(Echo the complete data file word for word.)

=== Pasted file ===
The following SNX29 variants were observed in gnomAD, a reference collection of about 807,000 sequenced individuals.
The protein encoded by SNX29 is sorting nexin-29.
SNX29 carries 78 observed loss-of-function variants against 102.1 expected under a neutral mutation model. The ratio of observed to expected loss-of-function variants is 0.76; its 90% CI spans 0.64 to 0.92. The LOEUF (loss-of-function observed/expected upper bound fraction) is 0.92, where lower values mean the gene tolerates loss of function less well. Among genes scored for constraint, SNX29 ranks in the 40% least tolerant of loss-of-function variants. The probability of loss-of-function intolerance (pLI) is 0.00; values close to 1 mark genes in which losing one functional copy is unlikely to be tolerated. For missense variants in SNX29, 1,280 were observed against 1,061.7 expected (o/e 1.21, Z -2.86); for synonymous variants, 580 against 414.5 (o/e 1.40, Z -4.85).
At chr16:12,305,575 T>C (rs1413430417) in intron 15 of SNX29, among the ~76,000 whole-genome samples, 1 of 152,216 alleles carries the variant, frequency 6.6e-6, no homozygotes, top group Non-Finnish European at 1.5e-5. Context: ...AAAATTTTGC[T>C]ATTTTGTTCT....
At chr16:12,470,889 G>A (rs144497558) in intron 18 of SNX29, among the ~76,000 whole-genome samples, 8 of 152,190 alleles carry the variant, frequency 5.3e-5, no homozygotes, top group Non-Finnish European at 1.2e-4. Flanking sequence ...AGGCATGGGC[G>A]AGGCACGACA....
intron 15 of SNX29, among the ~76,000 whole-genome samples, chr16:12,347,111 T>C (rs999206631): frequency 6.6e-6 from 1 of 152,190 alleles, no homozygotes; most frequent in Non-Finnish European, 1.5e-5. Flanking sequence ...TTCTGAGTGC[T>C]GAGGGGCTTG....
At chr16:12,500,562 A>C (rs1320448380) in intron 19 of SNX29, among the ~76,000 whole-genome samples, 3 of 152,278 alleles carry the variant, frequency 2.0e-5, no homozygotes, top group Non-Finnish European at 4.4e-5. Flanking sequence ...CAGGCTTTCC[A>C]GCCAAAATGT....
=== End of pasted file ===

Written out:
The following SNX29 variants were observed in gnomAD, a reference collection of about 807,000 sequenced individuals.
The protein encoded by SNX29 is sorting nexin-29.
SNX29 carries 78 observed loss-of-function variants against 102.1 expected under a neutral mutation model. The ratio of observed to expected loss-of-function variants is 0.76; its 90% CI spans 0.64 to 0.92. The LOEUF (loss-of-function observed/expected upper bound fraction) is 0.92, where lower values mean the gene tolerates loss of function less well. Among genes scored for constraint, SNX29 ranks in the 40% least tolerant of loss-of-function variants. The probability of loss-of-function intolerance (pLI) is 0.00; values close to 1 mark genes in which losing one functional copy is unlikely to be tolerated. For missense variants in SNX29, 1,280 were observed against 1,061.7 expected (o/e 1.21, Z -2.86); for synonymous variants, 580 against 414.5 (o/e 1.40, Z -4.85).
At chr16:12,305,575 T>C (rs1413430417) in intron 15 of SNX29, among the ~76,000 whole-genome samples, 1 of 152,216 alleles carries the variant, frequency 6.6e-6, no homozygotes, top group Non-Finnish European at 1.5e-5. Context: ...AAAATTTTGC[T>C]ATTTTGTTCT....
At chr16:12,470,889 G>A (rs144497558) in intron 18 of SNX29, among the ~76,000 whole-genome samples, 8 of 152,190 alleles carry the variant, frequency 5.3e-5, no homozygotes, top group Non-Finnish European at 1.2e-4. Flanking sequence ...AGGCATGGGC[G>A]AGGCACGACA....
intron 15 of SNX29, among the ~76,000 whole-genome samples, chr16:12,347,111 T>C (rs999206631): frequency 6.6e-6 from 1 of 152,190 alleles, no homozygotes; most frequent in Non-Finnish European, 1.5e-5. Flanking sequence ...TTCTGAGTGC[T>C]GAGGGGCTTG....
At chr16:12,500,562 A>C (rs1320448380) in intron 19 of SNX29, among the ~76,000 whole-genome samples, 3 of 152,278 alleles carry the variant, frequency 2.0e-5, no homozygotes, top group Non-Finnish European at 4.4e-5. Flanking sequence ...CAGGCTTTCC[A>C]GCCAAAATGT....